There’s a lot we still don’t know about the contents of special counsel Robert S. Mueller III’s report on his two-year investigation into possible collusion between President Trump’s 2016 campaign and Russia’s Putin regime or its affiliates — beyond the headline finding of no such conspiracy.

It’s not too early to derive some lessons, though, the first and most important of which is that no deus ex machina is going to descend into America’s continuing political tragedy (or farce, if you prefer) and rescue us all from the Trump administration.

Far too many people, including many who should have known better, placed their hopes in a decisive bombshell from Mueller, even while the special counsel lodged a series of indictments that spotlighted Russian interference and crimes by Trump-connected individuals, but no collusion.

Trump's supporters say 'collusion' can't be prosecuted. They're wrong. (Joy Yi, Kate Woodsome, Danielle Kunitz, Breanna Muir/The Washington Post)

Attorney General William P. Barr’s four-page summary of Mueller’s report duly noted the special counsel’s view that his investigation “does not exonerate” Trump of obstruction of justice growing out of his firing of FBI Director James B. Comey in May 2017.

Some Democrats and anti-Trump Republicans (those few who are left) are fastening on to that language as the possible starting point for more digging, more hearings, more — whatever.

They should let it go. Relitigating obstruction means relitigating the Comey firing, which means, alas, revisiting a whole litany of arcana, legal and factual, plus the embarrassing fact that Comey’s own inappropriate comments on Hillary Clinton may have contributed to Trump’s win in 2016.

No doubt there is some benefit to be had, fundraising-wise, by keeping true believers fired up. However, House Speaker Nancy Pelosi (D-Calif.) has signaled a wiser course by disavowing impeachment, which is another way of telling her troops that they’re probably stuck with Trump through 2020. That is, the solution is to win at the polls the same way Democrats did in 2018: The only way out is through.

Constitutionally, that is also the best course. Absent impeachment-worthy evidence that he engaged in unlawful collusion and obstruction, the remedy for Trump is, and probably always was, the system’s checks and balances, which seem to be working — imperfectly but fairly well, judging by the Republican defeat in 2018 and some 63 federal court rulings blocking his policies.

Two years into his presidency, Trump remains repugnant: a dishonest and profane figure less intellectually or temperamentally suited for national leadership than any occupant of the White House since Andrew Johnson, the bombastic Southern sympathizer who succeeded Abraham Lincoln in 1865.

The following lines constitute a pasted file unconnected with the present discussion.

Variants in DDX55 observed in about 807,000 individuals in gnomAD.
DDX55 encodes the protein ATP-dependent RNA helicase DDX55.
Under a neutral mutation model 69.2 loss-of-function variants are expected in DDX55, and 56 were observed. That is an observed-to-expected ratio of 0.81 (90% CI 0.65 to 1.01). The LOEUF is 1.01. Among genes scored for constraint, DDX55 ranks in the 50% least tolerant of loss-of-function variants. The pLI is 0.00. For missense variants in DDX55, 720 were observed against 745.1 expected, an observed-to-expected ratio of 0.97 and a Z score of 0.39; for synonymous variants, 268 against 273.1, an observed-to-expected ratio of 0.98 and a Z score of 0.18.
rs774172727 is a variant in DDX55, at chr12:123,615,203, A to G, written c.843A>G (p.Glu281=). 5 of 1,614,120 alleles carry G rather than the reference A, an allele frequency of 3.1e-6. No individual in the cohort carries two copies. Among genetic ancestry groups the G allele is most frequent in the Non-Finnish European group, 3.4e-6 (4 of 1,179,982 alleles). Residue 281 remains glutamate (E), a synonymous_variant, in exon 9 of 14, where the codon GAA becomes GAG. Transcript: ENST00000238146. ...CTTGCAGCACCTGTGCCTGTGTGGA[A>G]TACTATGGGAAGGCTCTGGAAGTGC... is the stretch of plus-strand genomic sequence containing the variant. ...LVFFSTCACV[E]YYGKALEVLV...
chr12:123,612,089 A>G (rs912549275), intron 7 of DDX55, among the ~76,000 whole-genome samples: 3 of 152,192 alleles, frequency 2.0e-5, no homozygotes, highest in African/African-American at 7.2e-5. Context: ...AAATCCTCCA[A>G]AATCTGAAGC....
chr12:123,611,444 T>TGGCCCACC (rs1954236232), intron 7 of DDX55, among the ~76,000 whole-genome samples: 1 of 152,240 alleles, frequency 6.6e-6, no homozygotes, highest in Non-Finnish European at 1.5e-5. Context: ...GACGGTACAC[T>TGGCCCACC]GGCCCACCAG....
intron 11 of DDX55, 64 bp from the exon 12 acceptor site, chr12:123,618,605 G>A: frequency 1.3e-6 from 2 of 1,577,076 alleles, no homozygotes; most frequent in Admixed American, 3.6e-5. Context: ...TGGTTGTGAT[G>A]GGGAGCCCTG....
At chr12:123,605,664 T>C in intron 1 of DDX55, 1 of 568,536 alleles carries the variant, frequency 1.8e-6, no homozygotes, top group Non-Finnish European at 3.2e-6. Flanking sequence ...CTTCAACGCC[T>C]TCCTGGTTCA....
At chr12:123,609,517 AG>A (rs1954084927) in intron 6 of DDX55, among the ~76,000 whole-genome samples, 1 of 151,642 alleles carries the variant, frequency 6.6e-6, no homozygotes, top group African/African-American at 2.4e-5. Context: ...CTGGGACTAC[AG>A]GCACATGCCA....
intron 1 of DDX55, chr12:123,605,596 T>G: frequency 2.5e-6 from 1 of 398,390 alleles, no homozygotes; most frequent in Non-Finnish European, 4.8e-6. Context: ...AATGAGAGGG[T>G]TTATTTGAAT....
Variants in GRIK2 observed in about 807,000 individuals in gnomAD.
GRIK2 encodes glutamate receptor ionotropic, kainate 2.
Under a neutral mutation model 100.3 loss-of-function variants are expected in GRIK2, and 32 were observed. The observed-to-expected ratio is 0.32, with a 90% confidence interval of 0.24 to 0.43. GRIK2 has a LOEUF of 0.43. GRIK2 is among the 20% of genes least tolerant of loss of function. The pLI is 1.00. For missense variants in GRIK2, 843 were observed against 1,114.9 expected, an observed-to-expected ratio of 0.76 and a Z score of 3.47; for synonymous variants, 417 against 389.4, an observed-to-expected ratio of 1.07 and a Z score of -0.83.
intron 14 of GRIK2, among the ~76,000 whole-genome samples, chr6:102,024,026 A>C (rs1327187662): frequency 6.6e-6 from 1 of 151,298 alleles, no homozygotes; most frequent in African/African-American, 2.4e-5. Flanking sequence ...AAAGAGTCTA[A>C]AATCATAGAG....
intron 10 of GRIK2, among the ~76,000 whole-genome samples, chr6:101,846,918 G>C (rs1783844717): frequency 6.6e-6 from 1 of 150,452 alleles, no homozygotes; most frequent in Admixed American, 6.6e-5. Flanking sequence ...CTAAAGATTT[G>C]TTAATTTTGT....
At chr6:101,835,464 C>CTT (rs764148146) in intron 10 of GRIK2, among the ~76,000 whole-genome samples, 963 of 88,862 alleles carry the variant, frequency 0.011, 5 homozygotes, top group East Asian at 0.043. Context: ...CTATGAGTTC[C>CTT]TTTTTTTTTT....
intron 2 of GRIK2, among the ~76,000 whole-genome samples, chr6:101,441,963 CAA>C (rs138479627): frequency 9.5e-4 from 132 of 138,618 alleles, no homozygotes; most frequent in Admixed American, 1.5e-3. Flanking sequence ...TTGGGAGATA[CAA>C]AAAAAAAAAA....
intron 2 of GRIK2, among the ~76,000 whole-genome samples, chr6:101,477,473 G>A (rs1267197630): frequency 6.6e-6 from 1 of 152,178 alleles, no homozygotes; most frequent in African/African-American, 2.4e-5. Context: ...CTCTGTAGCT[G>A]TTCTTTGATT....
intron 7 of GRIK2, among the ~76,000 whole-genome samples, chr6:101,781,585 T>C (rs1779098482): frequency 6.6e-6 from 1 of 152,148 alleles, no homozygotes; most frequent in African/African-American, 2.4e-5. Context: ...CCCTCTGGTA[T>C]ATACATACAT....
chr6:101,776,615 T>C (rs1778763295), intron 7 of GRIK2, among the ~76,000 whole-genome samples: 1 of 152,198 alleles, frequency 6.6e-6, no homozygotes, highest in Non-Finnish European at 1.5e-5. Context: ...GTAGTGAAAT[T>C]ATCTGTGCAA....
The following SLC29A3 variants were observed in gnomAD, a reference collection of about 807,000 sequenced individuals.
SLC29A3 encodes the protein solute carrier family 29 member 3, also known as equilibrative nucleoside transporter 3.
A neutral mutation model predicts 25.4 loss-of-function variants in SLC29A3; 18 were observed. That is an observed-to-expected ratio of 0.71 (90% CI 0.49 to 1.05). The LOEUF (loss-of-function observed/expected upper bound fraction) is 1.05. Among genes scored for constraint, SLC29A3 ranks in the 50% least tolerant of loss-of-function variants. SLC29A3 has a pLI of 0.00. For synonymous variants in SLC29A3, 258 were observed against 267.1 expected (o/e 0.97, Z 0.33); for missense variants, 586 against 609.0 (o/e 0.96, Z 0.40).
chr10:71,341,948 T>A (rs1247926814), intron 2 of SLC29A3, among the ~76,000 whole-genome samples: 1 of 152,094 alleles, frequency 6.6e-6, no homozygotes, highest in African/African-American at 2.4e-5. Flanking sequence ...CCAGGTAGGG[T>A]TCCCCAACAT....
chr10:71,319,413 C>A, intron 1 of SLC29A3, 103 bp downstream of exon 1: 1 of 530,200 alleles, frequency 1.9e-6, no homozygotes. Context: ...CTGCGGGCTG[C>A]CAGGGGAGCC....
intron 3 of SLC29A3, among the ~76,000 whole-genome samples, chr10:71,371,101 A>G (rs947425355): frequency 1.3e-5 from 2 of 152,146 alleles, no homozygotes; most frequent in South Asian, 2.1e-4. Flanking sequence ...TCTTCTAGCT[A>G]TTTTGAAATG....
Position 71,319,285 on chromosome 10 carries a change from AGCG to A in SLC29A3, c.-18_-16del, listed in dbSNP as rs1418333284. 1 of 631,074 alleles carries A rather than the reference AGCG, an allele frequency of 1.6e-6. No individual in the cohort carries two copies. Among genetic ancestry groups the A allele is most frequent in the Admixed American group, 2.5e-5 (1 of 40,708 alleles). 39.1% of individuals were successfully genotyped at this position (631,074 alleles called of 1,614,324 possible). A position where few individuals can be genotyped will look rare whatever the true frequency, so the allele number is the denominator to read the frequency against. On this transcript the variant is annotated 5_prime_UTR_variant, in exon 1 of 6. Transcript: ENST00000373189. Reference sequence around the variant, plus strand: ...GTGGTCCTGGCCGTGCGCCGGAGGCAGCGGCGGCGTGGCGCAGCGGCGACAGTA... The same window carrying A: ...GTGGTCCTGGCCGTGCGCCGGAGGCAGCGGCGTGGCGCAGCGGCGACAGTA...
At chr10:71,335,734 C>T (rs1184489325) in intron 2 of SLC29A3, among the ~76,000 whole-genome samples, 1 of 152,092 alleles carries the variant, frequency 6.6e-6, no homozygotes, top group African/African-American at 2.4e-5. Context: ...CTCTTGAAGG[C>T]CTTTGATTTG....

Surrounded by second-raters and sleazeballs (some now facing prison time), Trump lacks not only the initiative but also the guts to engineer anything as audacious as a conscious plot with Moscow, another reason to credit Mueller’s finding. In hindsight, it was never likely that the president would fire Mueller, or Deputy Attorney General Rod J. Rosenstein, despite his own bluster, and much breathless media speculation, to that effect. It would have required too much political courage.

Trump also remains enigmatic: It’s not precisely clear how or why we ended up with him as president, or exactly what this difficult passage, whether it lasts four years or eight, portends for the United States and the world. Above all, it remains unclear to what degree he is the cause of our political disorder, and to what degree a symptom.

In that regard, special counsel Mueller has been trying to send us a message for some time now, albeit between the lines of his indictments.

That message is that Russia, an authoritarian foreign power guided by deep hostility to liberal democracy generally and to U.S. global influence in particular, did indeed target the American political system for disruption and distortion, with the objectives of weakening the establishment candidate, Clinton, whom he loathed (but, like everyone else, expected to win), and of helping Trump, the “chaos candidate,” as Jeb Bush memorably dubbed him.

Russia, Mueller wrote in a February 2018 indictment of some 13 Russian operatives and three organizations, “had a strategic goal to sow discord in the U.S. political system, including the 2016 U.S. presidential election,” mainly by spreading false and inflammatory information through social media.

It was a sophisticated effort, guided by a keen understanding of the American electorate, its fissures and its fault lines — racial, regional and religious.

Mueller knew there was no actual chance of hauling Russian agents into an American court. But by narrating the “manner and means of the conspiracy” by which a foreign power exploited the divisions within our society, he might have caused us to reflect upon and, eventually, heal them.

So far, that aspect of the Mueller investigation has not received the attention, or inspired the action, that it merits. Unless and until it does, American democracy will remain vulnerable to outside interference and to the demons we breed at home.

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